Yam n Niyam

Five steps of Yam (Self Discipline)

Yam is a bridge between you and others, and that is the first thing: that you should settle things between you and others. If things are unsettled between you and others they will constantly create worry. “Close all accounts with others” — that is the meaning of the first, yam.

The first is ahimsa, nonviolence. People have used it to cut themselves from life because they think if you are in life there will be some violence or other

Second is truthfulness means authenticity, to be true, not to be false — not to use masks: whatsoever is your real face, show it… and at whatsoever the cost.

Three things have to be remembered.

  1. Never listen to anybody- what they say for you to be: always listen to your inner voice.
  2. Never wear a mask- if you have done the first thing only then the second becomes possible: never wear a mask. If you are angry, be angry.
  3. Authenticity- always remains in the present: Be true to the present, and then you will be authentic. To be here-now is to be authentic. No past, no future: this moment all, this moment the whole eternity.

The third is asteya, achaurya — nonstealing, honesty. The mind is a great thief. In many ways it goes on stealing. You may not be stealing things from people, but you can steal thoughts.

Fourth is brahmacharya. This word is really very difficult to translate. It has been translated as “sexual continence,” celibacy. That’s not right, because brahmacharya is a wide word, very vast. Sexual celibacy is a very narrow thing; it is one part of it, but not the who]e of it. Brahmacharya is a transmutation of the energy: it is not being against sex, rather it is changing the whole energy from the sex center to the higher centers.

“… and the last is Non-possessiveness.” And only after brahmacharya, when you have attained to the fulfillment, Don’t be possessive, because whenever you are possessive you simply show that you are a beggar.

These five inner self-disciplines are the basic requirement “… regardless of class, place, time, or circumstance.” Whether you are born today or you were born five thousand years before makes no difference.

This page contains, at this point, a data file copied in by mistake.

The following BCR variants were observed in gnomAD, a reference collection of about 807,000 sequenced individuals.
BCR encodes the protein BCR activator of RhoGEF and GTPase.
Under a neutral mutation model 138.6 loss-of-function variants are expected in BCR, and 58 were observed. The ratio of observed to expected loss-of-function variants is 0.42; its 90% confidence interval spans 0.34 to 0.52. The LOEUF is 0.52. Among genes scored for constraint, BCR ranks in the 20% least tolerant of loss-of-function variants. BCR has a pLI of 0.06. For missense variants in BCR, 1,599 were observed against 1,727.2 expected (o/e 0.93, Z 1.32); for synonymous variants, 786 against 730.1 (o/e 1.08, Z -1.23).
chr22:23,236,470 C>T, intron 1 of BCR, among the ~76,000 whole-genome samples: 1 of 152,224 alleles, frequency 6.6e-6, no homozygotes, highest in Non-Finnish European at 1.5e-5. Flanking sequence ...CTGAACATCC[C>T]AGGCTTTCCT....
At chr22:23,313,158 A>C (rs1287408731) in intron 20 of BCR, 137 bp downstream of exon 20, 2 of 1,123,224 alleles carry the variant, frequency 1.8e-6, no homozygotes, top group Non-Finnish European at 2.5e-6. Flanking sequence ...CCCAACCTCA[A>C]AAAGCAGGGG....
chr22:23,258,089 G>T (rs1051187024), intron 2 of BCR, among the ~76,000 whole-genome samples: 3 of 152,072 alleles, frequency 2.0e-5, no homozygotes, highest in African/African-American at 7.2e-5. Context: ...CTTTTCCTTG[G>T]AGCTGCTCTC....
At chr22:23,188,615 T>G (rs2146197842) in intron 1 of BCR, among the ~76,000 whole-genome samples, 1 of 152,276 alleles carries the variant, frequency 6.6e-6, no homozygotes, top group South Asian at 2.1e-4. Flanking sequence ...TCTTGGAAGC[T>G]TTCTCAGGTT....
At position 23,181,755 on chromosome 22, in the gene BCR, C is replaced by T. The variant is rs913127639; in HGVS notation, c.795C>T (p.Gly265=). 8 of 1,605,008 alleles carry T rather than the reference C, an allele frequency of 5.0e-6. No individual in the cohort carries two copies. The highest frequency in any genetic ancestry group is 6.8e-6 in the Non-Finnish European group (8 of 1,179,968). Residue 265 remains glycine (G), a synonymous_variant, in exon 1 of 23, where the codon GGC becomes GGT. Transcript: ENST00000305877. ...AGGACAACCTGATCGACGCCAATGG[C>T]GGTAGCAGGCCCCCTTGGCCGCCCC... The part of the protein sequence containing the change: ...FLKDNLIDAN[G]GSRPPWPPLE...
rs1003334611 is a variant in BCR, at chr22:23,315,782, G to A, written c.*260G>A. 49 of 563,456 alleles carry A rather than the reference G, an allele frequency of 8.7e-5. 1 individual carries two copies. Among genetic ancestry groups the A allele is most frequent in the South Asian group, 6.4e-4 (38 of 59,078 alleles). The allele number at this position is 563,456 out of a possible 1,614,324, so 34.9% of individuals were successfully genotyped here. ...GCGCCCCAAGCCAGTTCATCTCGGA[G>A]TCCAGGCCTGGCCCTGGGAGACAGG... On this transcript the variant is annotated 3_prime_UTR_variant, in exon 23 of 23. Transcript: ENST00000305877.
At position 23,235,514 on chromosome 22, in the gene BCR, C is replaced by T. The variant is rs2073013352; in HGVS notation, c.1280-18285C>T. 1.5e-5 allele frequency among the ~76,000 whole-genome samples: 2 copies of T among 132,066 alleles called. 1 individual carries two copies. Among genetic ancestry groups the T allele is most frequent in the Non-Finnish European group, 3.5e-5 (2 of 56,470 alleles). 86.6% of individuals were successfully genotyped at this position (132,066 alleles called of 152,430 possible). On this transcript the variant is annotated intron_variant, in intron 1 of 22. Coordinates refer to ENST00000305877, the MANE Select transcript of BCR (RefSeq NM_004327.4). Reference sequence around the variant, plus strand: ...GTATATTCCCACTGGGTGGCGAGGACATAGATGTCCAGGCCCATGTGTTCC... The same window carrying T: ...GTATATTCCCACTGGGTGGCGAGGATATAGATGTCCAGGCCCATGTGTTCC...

Niyam-(the law)

Now is the second step: niyam. Niyam means “the law.” This has nothing to do with others; you have done that. Now, something you have to do with yourself. So if you move to a Himalayan cave, the first step will not be possible because others will not be there. But you will have to follow the second step — it belongs to your aloneness. Yam is between you and others; niyam is between you and yourself.   THERE are laws, and laws: laws to suppress man, laws to help him bloom; laws to Prohibit, restrict, and laws to help him expand, increase. A law which simply prohibits is destructive; a law that helps to grow and increase is creative.  Patanjali’s laws are totally different; they are creative.  The discipline should come out of inner understanding, and then it is beautiful.

The First is “Purity,” Shauch..Purity is weightless; impurity is heavy and burdened. A healthy man feels light, weightless; an unhealthy man feels too much burdened by the earth, too much pulled down. Yoga knows three words, three gunas: sattva, rajas, tamas. Sattva is purity; rajas is energy; tamas is heaviness, darkness. Shauch, purity, means purity about food, purity about body, purity about mind — three layers of purities. And the fourth, which is your being, needs no purity because it cannot become impure. Your innermost core is always pure, always virgin, but that innermost core is covered with other things which can become impure — which become impure every day. You use your body and mind every day…body collects dust, becomes dirty; mind collects thoughts, becomes dirty.

The second step of niyam is “Contentment,” Santosh. A feeling of deep acceptance is santosh, contentment, a feeling of saying yes to the whole existence — as it is. Once you say yes, mind stops; and that very stopping of the mind is contentment.

And after contentment, Patanjali says “Austerity,” tapa.

This is simplicity. This is austerity. But difficult: a man can live in a palace, and if the palace is not in him, it is austerity. You can live in a hut, and if the hut has entered into your mind, it is not austerity. The more complex your living, the more unhappy you will be, because you have to manage so many things. Simpler the life, the happier, because there is no management, really. You can simply live like breathing.

And then comes “Self-study,” swadhyaya…Self-study is not self-analysis; it is just looking into the self. It is meditating on the self.

And after self-study comes the last step in the second stage that is Surrender to God.” When you have studied the self, only then can you surrender. Because what will you surrender otherwise? The self is to be surrendered. If you know it well, only then you can surrender.

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